Bagan, Myanmar

July 4th, 2012; Bagan, Myanmar

Dear Khun Pedro,

Wow!  When I was wandering, and roving around the temple area of Bagan—cruising through 9-12th Century structures, I thought of you and how much you would totally dig this place. Pre 1975 earthquake, they charted over 5,000 temples, now just over 2,000 remain standing.  Whereas Angkor Wat temple area is made to host an entire community or two over the span of many miles, Bagan temples were family built and spread over 20 square kms, hence the reason there are so darn many!

Inside many of the temples were mural paintings, many 800 years old & each temple had only one painter.  The temple paintings reflected stories of the 547 Buddha lives he had before reaching Nirvana.  There was a LOT to look at!  The temples I really grooved on had paintings of the Buddha’s footprint overhead, on the ceiling of the temples.  Even though there are over 7 Billion people on earth, I spent very little time with other tourists with the temples.  Off the big tourist path and hello my own private Idaho…You’re going left?  Great, I’ll go right…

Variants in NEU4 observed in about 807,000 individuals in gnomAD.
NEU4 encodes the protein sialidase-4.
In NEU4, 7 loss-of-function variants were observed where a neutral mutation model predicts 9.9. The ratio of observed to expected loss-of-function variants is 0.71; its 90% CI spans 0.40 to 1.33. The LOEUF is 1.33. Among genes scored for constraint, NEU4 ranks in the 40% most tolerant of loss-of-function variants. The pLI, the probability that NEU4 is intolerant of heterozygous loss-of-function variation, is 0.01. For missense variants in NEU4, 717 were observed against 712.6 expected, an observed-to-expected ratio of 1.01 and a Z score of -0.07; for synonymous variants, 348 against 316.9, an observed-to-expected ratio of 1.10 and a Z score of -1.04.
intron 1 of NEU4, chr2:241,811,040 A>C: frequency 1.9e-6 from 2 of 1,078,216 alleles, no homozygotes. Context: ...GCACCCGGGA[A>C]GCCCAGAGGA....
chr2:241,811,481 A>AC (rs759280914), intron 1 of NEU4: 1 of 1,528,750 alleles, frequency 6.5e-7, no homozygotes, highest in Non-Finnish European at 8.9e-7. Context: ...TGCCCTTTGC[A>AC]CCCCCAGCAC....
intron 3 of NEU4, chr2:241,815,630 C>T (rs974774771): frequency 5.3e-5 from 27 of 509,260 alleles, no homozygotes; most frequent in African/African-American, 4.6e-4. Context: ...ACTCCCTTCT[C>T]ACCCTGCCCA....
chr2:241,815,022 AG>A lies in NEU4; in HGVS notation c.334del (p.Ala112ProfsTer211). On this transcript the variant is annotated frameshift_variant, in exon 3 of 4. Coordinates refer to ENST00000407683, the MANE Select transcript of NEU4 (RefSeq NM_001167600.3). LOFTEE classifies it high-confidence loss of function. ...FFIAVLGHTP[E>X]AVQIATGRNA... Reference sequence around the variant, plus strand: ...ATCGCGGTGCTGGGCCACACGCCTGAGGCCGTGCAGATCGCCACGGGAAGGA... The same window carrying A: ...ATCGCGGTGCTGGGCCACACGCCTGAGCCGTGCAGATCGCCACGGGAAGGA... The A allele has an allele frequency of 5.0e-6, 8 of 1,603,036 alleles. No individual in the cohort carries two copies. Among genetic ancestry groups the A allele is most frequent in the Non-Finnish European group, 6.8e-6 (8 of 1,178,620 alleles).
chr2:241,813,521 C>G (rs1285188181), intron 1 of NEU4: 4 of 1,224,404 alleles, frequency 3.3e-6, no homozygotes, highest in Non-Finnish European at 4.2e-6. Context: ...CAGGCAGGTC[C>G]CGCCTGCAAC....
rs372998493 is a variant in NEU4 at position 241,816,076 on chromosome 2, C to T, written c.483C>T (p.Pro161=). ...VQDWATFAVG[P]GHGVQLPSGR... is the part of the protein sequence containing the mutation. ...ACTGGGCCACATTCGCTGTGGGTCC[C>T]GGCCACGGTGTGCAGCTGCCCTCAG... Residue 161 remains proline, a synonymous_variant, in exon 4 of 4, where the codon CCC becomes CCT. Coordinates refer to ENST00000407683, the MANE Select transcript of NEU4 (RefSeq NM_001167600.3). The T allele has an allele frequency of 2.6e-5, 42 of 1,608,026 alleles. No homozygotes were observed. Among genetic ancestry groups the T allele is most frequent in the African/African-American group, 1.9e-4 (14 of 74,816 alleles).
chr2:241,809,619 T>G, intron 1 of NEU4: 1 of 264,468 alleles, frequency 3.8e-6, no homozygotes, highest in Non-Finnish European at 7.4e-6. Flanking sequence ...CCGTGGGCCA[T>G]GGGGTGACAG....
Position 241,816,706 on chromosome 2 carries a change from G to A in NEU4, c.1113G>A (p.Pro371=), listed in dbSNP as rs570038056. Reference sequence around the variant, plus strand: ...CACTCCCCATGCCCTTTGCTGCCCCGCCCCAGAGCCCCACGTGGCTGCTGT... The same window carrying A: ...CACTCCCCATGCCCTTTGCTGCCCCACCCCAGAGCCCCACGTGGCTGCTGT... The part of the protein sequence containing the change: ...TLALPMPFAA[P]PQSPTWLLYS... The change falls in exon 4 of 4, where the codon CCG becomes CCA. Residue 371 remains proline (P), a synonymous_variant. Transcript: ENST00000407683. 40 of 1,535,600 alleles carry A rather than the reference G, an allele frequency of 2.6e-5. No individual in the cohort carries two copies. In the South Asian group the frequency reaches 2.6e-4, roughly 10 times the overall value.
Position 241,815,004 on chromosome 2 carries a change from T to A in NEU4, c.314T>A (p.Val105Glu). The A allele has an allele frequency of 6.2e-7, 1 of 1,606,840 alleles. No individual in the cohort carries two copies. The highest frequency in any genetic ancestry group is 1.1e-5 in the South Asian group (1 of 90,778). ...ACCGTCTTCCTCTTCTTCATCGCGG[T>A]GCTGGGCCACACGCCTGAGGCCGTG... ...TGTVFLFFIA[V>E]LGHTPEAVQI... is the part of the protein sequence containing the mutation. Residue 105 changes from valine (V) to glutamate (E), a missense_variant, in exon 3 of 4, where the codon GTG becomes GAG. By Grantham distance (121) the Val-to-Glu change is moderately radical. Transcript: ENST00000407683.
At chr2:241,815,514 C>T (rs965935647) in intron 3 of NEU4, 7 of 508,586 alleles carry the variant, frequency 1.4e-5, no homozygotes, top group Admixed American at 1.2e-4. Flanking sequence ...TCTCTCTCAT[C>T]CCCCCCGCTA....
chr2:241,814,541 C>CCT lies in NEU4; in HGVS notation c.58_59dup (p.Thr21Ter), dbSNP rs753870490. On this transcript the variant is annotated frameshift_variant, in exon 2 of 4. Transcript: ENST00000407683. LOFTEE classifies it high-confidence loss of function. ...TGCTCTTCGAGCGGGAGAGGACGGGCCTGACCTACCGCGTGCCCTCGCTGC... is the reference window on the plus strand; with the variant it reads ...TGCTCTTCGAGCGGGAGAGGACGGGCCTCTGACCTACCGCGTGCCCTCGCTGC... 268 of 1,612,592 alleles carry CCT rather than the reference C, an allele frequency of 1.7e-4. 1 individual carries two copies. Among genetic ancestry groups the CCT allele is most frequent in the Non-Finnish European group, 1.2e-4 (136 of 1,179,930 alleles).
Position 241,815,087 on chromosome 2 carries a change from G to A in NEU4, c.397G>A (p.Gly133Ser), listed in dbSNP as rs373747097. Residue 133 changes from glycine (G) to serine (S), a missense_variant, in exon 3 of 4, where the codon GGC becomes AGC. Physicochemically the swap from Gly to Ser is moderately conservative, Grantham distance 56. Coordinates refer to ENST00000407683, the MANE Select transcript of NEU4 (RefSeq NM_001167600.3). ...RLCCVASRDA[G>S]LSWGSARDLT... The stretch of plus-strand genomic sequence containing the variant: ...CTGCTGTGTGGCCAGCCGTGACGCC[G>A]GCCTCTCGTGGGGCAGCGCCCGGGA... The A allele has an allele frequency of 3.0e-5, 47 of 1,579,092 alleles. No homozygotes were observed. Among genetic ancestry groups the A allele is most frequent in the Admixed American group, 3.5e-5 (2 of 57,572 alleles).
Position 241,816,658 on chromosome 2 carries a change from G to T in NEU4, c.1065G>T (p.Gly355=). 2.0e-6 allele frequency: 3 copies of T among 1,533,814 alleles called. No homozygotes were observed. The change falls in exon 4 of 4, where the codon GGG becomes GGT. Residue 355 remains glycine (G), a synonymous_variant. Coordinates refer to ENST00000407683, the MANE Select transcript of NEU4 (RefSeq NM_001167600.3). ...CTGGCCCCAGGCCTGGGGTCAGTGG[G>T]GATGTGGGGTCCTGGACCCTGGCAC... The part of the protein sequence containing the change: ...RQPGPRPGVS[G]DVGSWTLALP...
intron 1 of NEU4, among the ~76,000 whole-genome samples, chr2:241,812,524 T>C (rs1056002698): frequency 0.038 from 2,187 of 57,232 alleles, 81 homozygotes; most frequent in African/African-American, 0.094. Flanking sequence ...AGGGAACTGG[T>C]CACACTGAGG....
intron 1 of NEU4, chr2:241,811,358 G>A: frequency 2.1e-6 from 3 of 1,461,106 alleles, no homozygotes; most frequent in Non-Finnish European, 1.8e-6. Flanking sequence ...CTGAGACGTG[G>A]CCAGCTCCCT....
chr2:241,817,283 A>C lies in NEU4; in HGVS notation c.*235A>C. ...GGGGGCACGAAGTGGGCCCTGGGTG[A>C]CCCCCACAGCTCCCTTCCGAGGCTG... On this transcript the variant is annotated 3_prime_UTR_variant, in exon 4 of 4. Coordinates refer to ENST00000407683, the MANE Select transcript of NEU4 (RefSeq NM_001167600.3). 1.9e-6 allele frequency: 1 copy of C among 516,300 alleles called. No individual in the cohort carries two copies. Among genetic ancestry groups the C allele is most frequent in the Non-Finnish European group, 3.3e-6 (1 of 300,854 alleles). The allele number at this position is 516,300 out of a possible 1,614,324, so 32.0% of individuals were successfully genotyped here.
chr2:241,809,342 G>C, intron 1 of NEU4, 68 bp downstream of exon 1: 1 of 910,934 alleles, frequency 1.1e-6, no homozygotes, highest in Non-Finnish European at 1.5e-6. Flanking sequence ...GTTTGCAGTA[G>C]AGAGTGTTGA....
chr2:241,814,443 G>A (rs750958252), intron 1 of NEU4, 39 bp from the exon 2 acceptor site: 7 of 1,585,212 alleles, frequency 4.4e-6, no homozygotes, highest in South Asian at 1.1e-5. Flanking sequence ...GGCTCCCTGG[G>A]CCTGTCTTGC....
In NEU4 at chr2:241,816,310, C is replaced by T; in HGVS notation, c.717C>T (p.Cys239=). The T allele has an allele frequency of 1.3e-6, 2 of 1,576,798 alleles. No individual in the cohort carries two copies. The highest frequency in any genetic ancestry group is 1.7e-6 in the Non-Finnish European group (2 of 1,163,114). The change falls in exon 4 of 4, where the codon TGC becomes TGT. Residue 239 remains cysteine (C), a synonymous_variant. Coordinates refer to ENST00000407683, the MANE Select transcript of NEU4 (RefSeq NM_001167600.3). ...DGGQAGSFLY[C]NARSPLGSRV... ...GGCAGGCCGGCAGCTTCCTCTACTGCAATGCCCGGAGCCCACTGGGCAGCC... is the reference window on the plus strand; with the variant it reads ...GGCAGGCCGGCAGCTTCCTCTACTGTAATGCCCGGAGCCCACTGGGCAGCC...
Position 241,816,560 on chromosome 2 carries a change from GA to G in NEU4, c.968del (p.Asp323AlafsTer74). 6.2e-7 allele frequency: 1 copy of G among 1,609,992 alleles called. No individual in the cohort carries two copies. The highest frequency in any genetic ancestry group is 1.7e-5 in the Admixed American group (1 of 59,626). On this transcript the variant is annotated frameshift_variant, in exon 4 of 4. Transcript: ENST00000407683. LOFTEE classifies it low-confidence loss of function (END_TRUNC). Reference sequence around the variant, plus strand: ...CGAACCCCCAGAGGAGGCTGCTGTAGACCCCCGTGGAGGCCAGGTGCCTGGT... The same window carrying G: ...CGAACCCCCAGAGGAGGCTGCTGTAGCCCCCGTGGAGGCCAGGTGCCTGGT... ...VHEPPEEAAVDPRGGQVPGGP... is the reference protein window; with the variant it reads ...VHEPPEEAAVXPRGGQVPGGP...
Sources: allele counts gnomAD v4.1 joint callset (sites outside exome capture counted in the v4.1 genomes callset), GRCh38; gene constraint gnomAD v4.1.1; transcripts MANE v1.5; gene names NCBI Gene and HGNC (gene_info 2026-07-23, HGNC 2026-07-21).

An older temple guard (nearly 65 years old), small in stature (nearly 5 ft tall) found me laying down in a temple gazing up at a set of lovely blue Buddha footprints, and he grabbed me by the shirt literally laughing and dragging me out of the temple…he was OVERly excited to take out his key ring and push me into temples, which were not open to the public.  He showed me so many cool nooks and crannies special to each temple—his English was fantastic and he was very proud of his knowledge.  He loved his $50/month job as the eyes and ears of his 20 allotted temples. The guard Mr. Mozin like you, understands all the nuances and details of history, and unlike you, Mr. Mozin could not read or write.  His knowledge base was profound, and his temple stories verbose.  Mr. Mozin, took me around for 2 hours, showing me about 9 temples with those master keys.  He showed me ancient untranslatable script, and paintings that monks have taken from the walls and now use as the image for the protection tattoos they bear.

Peter, my most knowledgeable history fact man, you would so dig it here…whereas most tourists spend only one-or-two days here, I took six.

abrazos,

Susi

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